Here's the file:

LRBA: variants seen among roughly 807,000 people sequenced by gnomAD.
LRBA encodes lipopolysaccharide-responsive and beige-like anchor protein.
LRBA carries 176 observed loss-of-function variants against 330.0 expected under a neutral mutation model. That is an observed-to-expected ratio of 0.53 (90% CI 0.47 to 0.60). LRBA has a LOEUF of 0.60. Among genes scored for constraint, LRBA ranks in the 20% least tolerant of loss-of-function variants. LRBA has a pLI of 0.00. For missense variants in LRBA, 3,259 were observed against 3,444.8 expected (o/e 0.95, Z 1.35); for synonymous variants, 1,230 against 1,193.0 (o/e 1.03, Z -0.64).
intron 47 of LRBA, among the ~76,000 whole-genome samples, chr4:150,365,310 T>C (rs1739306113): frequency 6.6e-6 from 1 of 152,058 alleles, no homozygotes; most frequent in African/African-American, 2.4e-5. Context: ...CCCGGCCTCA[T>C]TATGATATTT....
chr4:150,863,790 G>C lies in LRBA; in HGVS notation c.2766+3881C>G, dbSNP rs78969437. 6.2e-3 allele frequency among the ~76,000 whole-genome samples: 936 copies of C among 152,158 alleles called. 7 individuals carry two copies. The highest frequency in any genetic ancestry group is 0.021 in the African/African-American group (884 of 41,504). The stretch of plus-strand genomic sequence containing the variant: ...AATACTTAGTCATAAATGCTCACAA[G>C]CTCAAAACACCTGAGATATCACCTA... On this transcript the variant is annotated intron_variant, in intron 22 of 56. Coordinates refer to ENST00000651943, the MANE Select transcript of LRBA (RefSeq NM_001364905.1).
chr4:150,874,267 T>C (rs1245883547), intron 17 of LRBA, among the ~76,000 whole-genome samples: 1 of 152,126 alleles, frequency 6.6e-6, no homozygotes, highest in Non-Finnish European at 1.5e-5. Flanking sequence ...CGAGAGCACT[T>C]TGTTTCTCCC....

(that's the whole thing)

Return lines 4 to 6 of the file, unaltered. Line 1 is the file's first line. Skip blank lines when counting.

intron 47 of LRBA, among the ~76,000 whole-genome samples, chr4:150,365,310 T>C (rs1739306113): frequency 6.6e-6 from 1 of 152,058 alleles, no homozygotes; most frequent in African/African-American, 2.4e-5. Context: ...CCCGGCCTCA[T>C]TATGATATTT....
chr4:150,863,790 G>C lies in LRBA; in HGVS notation c.2766+3881C>G, dbSNP rs78969437. 6.2e-3 allele frequency among the ~76,000 whole-genome samples: 936 copies of C among 152,158 alleles called. 7 individuals carry two copies. The highest frequency in any genetic ancestry group is 0.021 in the African/African-American group (884 of 41,504). The stretch of plus-strand genomic sequence containing the variant: ...AATACTTAGTCATAAATGCTCACAA[G>C]CTCAAAACACCTGAGATATCACCTA... On this transcript the variant is annotated intron_variant, in intron 22 of 56. Coordinates refer to ENST00000651943, the MANE Select transcript of LRBA (RefSeq NM_001364905.1).
chr4:150,874,267 T>C (rs1245883547), intron 17 of LRBA, among the ~76,000 whole-genome samples: 1 of 152,126 alleles, frequency 6.6e-6, no homozygotes, highest in Non-Finnish European at 1.5e-5. Flanking sequence ...CGAGAGCACT[T>C]TGTTTCTCCC....